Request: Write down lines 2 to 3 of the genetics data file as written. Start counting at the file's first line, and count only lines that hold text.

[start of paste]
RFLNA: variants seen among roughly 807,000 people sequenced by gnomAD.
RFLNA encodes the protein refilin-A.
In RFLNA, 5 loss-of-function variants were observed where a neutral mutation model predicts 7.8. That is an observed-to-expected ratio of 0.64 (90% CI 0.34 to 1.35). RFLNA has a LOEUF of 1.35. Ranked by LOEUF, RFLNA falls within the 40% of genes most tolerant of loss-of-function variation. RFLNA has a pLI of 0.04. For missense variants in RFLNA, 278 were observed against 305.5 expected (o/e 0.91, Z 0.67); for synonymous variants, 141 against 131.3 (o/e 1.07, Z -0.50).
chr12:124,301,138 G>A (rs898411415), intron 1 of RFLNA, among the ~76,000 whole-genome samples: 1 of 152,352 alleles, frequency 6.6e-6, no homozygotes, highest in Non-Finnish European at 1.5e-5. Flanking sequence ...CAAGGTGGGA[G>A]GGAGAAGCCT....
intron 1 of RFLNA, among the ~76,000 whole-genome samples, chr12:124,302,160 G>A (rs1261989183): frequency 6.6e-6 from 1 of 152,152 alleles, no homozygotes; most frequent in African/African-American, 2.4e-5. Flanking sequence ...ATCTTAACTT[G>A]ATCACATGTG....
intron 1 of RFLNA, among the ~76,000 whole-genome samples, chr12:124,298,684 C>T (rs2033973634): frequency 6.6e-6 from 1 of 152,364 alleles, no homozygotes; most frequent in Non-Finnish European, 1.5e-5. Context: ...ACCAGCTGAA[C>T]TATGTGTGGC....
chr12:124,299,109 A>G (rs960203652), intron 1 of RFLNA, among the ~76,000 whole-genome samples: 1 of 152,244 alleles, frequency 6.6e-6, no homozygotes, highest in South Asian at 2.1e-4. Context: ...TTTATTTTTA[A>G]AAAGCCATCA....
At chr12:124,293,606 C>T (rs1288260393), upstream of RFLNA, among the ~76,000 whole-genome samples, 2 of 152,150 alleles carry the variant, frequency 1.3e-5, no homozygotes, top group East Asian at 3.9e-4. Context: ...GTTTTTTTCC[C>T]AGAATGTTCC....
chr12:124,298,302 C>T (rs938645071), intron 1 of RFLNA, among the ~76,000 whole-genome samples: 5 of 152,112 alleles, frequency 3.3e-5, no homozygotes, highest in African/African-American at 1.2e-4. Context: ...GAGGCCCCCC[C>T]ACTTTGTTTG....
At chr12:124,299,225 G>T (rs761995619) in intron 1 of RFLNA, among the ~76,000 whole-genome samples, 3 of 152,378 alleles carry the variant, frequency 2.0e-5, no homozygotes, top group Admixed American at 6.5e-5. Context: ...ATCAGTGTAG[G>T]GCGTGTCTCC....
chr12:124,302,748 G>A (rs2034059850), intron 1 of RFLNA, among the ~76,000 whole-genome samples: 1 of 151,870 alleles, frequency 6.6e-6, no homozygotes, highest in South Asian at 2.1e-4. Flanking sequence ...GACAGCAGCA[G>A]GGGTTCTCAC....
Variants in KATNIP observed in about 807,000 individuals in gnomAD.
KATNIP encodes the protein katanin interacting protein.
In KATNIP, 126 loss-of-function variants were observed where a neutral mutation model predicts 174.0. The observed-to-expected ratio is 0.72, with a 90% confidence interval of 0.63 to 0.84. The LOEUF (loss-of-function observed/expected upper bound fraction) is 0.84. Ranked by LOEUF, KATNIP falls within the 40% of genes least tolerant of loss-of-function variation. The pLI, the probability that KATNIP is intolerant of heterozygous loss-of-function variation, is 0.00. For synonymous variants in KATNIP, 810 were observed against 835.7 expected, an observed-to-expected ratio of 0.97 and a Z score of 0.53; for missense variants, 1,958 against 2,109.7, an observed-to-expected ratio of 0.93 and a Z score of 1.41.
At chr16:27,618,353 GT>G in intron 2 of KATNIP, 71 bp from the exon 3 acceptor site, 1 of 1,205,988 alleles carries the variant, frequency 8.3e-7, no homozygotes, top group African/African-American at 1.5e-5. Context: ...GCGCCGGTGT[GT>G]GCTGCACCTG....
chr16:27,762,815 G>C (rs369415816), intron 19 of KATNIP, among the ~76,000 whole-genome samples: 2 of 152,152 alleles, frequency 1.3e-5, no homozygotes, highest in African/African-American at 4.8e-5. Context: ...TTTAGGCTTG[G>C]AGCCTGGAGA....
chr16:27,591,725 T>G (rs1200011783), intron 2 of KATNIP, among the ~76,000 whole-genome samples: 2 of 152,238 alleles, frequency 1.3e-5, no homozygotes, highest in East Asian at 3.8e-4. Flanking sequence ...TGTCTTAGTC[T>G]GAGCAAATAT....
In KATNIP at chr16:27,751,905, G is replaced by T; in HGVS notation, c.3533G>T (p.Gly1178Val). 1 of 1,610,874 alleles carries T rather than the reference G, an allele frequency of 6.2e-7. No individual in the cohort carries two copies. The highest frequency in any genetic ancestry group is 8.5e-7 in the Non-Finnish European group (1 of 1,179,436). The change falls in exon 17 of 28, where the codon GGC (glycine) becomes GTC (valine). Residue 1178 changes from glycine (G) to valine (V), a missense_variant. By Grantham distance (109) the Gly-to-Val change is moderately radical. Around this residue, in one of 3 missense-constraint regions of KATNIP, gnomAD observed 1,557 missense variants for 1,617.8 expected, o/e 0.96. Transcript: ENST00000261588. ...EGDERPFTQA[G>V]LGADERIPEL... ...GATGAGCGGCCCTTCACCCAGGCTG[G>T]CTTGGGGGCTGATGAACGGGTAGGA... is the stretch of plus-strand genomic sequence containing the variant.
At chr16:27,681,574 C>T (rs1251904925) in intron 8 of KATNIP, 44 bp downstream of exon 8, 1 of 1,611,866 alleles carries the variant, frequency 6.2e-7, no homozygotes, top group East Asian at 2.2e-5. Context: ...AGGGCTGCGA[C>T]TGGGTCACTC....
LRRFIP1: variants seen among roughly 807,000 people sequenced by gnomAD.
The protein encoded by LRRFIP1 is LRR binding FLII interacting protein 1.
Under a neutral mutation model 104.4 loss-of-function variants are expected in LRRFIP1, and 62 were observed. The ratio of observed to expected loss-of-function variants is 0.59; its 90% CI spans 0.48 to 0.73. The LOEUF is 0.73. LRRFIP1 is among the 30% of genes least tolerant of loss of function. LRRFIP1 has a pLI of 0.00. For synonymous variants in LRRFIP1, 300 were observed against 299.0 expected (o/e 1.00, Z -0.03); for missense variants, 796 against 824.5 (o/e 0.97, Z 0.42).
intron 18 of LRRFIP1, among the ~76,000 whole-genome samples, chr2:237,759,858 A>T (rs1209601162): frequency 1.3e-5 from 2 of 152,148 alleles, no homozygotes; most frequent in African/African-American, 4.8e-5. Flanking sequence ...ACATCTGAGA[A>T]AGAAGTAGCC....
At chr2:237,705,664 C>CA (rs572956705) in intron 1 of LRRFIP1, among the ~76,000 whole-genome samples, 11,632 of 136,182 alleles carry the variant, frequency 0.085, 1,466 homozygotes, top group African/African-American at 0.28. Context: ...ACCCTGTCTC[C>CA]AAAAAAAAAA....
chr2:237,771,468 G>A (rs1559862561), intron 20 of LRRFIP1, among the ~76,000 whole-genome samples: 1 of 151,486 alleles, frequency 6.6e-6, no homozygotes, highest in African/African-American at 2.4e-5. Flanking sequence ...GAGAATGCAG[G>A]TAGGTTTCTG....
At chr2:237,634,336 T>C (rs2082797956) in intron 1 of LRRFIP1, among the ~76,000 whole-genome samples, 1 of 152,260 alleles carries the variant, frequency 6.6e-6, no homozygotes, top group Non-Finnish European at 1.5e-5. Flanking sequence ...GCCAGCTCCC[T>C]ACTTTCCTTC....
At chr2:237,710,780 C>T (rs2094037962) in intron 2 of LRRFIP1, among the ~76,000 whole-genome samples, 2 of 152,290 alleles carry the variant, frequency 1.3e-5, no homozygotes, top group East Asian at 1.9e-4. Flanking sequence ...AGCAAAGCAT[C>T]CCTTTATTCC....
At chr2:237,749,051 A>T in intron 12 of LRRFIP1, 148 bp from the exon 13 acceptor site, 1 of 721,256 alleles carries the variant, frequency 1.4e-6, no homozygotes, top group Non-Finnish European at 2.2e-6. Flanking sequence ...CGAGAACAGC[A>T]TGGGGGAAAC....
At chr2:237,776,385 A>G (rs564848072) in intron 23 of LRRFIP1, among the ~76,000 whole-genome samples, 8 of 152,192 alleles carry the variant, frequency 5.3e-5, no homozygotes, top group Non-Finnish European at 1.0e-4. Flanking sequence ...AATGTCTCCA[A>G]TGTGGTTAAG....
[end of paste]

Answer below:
RFLNA encodes the protein refilin-A.
In RFLNA, 5 loss-of-function variants were observed where a neutral mutation model predicts 7.8. That is an observed-to-expected ratio of 0.64 (90% CI 0.34 to 1.35). RFLNA has a LOEUF of 1.35. Ranked by LOEUF, RFLNA falls within the 40% of genes most tolerant of loss-of-function variation. RFLNA has a pLI of 0.04. For missense variants in RFLNA, 278 were observed against 305.5 expected (o/e 0.91, Z 0.67); for synonymous variants, 141 against 131.3 (o/e 1.07, Z -0.50).